The idea to restructure our high school schedules around 5-week course blocks has been spinning in my head and evolving over the past week.  Under the current circumstances, this seems like a very viable option.  Below are the assumptions, logistics, pros, and cons.  I welcome your feedback to


Proposal for 5-week Block Scheduling


  • COVID is going to be with us through the year
  • There will be numerous schedule disruptions—moving from in-person to hybrid to remote
  • There will be students and teachers missing significant chunks of instructional time
  • The disruptions in schedules will make tracking the demands, measuring individual student progress, and developing relationships difficult


  • Every student would take one course at a time, every day, the entire day
  • Every teacher would teach only one course at a time, every day, the entire day
  • Every course would last 25 instructional days
  • There would be 7 course blocks offered during 2020-21
  • Teachers would teach 6 blocks to be considered full-time and receive a “break” during one of the 7 blocks for planning & recovery
  • There would be eligibility and accreditation concerns, but these can be addressed
  • It’s possible to modify for Middle Schools into two courses at a time (morning and afternoon?) and the same pros and cons apply


  • This keeps exposure low for teachers and students. Would allow for the possibility of in-person classes more frequently (if not full-time).  Hybrid scheduling would support this, too.
  • This simplifies the demands for students and teachers in a remote learning environment
  • We might be able to form “quarantine circles” with each cohort of students so they can form study groups (in-person or virtually) as well as the social and community aspect
  • This is innovative and differentiates us from other schools
  • This would allow for more personalization. Teachers could, for instance, set up weekly checkins with each students.  In a more traditional 7 period day, that type of individual attention would be difficult (if not impossible) to schedule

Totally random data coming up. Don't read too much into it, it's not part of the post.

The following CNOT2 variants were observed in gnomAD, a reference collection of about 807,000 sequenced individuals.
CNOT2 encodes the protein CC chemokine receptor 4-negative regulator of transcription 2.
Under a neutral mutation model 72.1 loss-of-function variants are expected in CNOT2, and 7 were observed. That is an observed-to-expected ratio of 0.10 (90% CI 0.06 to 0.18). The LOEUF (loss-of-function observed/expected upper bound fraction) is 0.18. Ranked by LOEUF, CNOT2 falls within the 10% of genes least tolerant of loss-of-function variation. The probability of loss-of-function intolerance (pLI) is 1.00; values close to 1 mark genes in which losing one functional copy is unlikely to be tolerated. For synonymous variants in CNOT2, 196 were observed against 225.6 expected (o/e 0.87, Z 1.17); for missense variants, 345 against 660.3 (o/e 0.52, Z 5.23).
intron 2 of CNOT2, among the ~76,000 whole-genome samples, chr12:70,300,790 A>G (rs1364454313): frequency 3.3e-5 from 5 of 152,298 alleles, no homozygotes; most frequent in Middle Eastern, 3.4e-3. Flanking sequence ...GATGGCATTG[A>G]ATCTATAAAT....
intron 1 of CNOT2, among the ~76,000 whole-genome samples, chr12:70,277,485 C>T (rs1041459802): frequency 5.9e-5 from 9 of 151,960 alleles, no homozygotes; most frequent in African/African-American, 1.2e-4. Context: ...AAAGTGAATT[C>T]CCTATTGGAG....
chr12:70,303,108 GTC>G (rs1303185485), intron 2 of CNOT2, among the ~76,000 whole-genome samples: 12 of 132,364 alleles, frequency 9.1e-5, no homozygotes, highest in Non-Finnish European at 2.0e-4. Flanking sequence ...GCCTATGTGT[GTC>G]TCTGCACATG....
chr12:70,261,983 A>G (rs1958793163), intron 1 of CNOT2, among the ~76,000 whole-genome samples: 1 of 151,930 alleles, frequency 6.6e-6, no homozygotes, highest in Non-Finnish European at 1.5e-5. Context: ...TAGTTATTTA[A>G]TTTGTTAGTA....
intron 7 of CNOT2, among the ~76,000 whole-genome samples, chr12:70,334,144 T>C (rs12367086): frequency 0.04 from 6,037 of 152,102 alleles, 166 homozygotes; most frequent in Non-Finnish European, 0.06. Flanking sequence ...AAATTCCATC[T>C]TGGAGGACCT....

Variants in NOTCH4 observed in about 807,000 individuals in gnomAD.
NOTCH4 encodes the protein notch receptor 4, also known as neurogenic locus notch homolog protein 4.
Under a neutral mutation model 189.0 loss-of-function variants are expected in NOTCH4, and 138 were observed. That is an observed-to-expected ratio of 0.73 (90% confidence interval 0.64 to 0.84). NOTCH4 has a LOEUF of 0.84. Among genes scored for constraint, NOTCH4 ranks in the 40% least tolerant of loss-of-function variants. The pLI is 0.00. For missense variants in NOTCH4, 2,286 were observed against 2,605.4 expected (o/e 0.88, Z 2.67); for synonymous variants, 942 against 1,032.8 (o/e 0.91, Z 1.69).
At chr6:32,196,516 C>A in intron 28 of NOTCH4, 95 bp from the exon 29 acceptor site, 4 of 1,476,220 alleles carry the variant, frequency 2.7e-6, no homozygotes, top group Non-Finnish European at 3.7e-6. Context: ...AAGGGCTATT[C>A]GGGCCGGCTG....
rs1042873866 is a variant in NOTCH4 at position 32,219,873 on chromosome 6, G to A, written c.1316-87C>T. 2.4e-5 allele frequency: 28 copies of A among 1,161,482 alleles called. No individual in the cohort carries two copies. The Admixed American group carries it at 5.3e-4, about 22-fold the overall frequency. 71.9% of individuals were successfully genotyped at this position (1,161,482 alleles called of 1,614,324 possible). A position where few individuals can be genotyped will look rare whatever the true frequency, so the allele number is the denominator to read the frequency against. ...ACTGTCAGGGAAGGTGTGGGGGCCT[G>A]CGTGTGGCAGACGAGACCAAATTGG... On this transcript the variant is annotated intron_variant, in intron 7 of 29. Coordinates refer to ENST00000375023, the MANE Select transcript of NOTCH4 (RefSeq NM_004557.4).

• If you lose teachers (or still have holes to fill), you don’t need to fill those immediately.
  • We have a provider willing to offer accredited courses in our 5-week time frames
  • Admissions can only begin at the start of a block. Tuition can be charged/prorated by block
  • If a student gets sick, they might miss a block. If they can’t make it up, it doesn’t put them at a tremendous disadvantage.
  • A student might be able to make significant progress in one “subject” in one academic year—like two years of math or two years of a foreign language. And if we’re further limited by not offering PE or Fine Arts, that’s a great opportunity for our students
  • With more students clamoring to graduate early, this schedule would allow for more flexibility


  • Teachers might struggle to condense their year-long curriculum into a 5-week block
  • Students might be bored and disinterested
  • Math and foreign language teachers will argue that taking away the consistent practice might hinder learning
  • PE and Fine Arts teachers might not like the condensed look. However, those subjects might not be offered this year.
  • This is too much change, too soon
  • Religion teachers would miss the yearlong formation of students.